Lampe Branche by Georges Jouve at Lebreton
A San Francisco-based gallery with an outpost in Southern France, Lebreton offers a broad selection of ceramic works from the 1950s to the present at its booth, including Lampe Branche, a 21-inch glazed ceramic side lamp by Georges Jouve from 1946. The lamp is crowned with an intricate metal frame, welded by French industrial designer Max Sauze, whose expertise in creating lighting design with bent metal and aluminum is evident in the lamp’s detailed geometric metal work that gently contrasts with the ceramic body’s seductive form. The lamp's lip-like forms may be considered a salute to Jouve’s wife, Jacqueline, who intended to gift the lamp to another ceramicist friend of the couple.
Angkor Wat, Cambodia by Andy Warhol at Daniel Blau
Munich’s Daniel Blau exhibits a series of blue pen-on-paper drawings by Andy Warhol, shedding light on minimalistic and intimate works by an artist known for his interpretation of excess and flamboyance. The selection includes modest sketches of Warholian subjects such as a peacock and a dancer, as well as a series of considerably more elaborate drawings the artist created during his time in Cambodia in the mid-1950s. Angkor Wat, Cambodia is a 17-inch by 13-inch rendition of the temple surrounded by trees, which Warhol illustrated as scribbles, using quick hand gestures. A larger portion of Warhol’s drawings were subject to the New York Academy of Art’s exhibition in early 2019, with a display of more than 150 drawings he created between the ‘50s and the ‘80s.
Head of Saint John the Baptist, Luisa Roldán at the Hispanic Society Museum & Library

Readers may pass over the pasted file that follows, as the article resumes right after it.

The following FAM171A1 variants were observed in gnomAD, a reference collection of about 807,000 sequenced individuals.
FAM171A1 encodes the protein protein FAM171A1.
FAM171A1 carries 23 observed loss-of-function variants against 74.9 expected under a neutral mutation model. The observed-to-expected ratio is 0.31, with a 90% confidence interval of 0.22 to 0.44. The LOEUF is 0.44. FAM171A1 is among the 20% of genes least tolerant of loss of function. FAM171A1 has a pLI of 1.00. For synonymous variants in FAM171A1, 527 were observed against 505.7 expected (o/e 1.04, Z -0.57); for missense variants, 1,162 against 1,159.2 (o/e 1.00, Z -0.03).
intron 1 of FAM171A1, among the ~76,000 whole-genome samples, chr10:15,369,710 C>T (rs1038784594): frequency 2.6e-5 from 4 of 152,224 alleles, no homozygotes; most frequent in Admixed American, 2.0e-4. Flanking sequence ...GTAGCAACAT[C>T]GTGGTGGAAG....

The Hispanic Society Museum & Library’s loan exhibition Unrivaled refers to the institution’s unparalleled collection of art and objects, including 600,000 books collected from the entire Spanish-speaking world, from Madrid to Manila. “There is nothing like it in Spain; there is nothing like it in South America,” says Philippe de Montebello, who joined the institution after three decades at the Metropolitan Museum of Art, about its assemblage of Hispanic heritage. Spanish artist Luisa Roldán’s 17th-century polychromed terracotta bust of Saint John the Baptist is a colorful illustration of death, captured in the decapitated head’s ghostly pale skin and red blood. Believed to have been made between 1692 and Roldán’s passing in 1706, the work entered the institution’s collection in 1912.
Timeless Lantern by Salvador Dali at Didier Ltd.
Those interested in immersing in Salvador Dali’s whimsical Surrealist universe may stop at London-based jeweler Didier Ltd.’s booth. A series of exquisite wearable gold items by the artist includes telephone-shaped earrings, titled Persistence of Sound, and Timeless Lantern, a watch Dali designed in 1976 for the bicentennial of independence during his time in the United States residing at New York’s St. Regis Hotel. From the Statue of Liberty to the American seal, the watch is adorned with homages to American iconography and finished with a small Surrealist watch in its center. Dali created 12 editions of the same watch after a lithograph of the same image completed in 1975.
Three Reclining Figures: Studies for Sculpture, Henry Moore at Browse & Darby
Henry Moore, a pioneer of British sculpture, created drawings as Official War Artist in the early 1940s, due to a shortage of sculptural materials during Germany’s attack on the United Kingdom. His subjects also reflected the troubling conditions of the war, capturing trauma and violence on paper, similar to his three-dimensional bronze works, with the immediacy of rapid hand gestures. Illustrated in pencil, wax, crayon, watercolor and ink, Three Reclining Figures: Studies for Sculpture at the Browse & Darby booth shows three homeless people seeking refuge in the London subway, echoing his sculptures’ robust silhouettes, here awash in shades of yellow, red, and blue.
Shell-formed silver bowl basket at Koopman Rare Art
Visitors will encounter numerous silver objects at London-based Koopman Rare Art’s booth, including a shell-formed silver bowl from 1745, standing on its dolphin-shaped feet and accentuated by its handle replicating a female body. Reflecting the Rococo period’s excessive design sensibility and fascination for the sea, the bowl is an unabashed celebration of lavishness and beauty, most vividly captured in the nude woman rising from the shell and the silversmith’s detailed carvings. Two other versions of the bowl are currently in the the University of Oxford.
Read more: 10 Highlights of Miami Art Week 2019